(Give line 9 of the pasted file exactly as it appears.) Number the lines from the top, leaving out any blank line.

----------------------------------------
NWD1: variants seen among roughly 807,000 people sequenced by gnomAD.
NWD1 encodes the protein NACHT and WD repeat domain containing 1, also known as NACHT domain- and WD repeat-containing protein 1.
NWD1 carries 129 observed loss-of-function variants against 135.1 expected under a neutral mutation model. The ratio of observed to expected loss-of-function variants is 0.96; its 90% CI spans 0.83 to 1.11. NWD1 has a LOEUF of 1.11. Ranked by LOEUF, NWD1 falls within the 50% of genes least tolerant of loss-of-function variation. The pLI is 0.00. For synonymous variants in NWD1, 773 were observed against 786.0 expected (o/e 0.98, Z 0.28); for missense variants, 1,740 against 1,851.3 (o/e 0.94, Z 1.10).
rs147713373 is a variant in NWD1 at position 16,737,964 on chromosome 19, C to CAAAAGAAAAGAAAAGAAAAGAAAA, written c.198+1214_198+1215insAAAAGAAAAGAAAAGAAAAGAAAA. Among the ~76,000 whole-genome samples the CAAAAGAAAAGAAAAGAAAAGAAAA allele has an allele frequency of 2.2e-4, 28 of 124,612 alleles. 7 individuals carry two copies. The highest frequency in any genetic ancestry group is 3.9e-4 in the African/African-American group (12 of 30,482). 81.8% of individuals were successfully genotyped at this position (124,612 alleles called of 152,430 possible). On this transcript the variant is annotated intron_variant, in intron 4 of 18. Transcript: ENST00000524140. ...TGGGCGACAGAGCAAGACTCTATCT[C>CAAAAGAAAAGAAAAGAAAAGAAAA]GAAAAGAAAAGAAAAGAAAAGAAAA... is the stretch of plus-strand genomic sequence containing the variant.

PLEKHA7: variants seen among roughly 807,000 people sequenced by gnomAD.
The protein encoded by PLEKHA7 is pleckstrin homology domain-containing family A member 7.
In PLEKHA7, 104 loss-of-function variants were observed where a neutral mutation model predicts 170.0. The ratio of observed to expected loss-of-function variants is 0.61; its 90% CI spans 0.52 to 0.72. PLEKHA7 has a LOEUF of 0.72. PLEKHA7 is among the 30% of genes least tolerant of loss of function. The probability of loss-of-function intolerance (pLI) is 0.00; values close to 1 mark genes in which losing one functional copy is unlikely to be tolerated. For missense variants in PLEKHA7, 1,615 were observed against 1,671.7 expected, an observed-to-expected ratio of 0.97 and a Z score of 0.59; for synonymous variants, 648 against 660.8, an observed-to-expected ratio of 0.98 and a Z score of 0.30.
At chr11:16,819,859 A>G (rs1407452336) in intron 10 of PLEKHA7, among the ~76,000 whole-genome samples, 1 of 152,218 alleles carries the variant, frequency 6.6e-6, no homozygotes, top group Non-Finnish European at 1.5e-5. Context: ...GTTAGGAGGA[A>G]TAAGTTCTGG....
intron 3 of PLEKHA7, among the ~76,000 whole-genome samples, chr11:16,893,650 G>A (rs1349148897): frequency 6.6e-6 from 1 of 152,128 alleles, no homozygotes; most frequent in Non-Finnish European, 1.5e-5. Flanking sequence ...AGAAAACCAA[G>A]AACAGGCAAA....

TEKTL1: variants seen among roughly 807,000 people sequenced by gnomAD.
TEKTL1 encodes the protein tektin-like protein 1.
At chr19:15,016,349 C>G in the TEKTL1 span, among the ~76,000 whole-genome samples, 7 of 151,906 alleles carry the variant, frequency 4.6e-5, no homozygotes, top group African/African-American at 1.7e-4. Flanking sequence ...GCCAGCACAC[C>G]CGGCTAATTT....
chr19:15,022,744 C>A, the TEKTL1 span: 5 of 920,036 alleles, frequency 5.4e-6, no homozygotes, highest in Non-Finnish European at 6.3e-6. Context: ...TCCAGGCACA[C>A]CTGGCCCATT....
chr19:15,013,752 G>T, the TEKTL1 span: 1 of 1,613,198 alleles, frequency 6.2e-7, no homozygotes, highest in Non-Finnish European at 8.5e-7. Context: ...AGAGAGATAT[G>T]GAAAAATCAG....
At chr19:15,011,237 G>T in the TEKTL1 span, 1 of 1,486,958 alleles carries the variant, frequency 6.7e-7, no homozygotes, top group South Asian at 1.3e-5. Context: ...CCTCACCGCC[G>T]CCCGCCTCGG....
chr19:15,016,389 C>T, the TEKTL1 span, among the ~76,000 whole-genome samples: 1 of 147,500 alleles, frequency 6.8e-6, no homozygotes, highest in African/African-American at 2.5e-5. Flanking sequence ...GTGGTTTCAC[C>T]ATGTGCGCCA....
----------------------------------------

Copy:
intron 3 of PLEKHA7, among the ~76,000 whole-genome samples, chr11:16,893,650 G>A (rs1349148897): frequency 6.6e-6 from 1 of 152,128 alleles, no homozygotes; most frequent in Non-Finnish European, 1.5e-5. Flanking sequence ...AGAAAACCAA[G>A]AACAGGCAAA....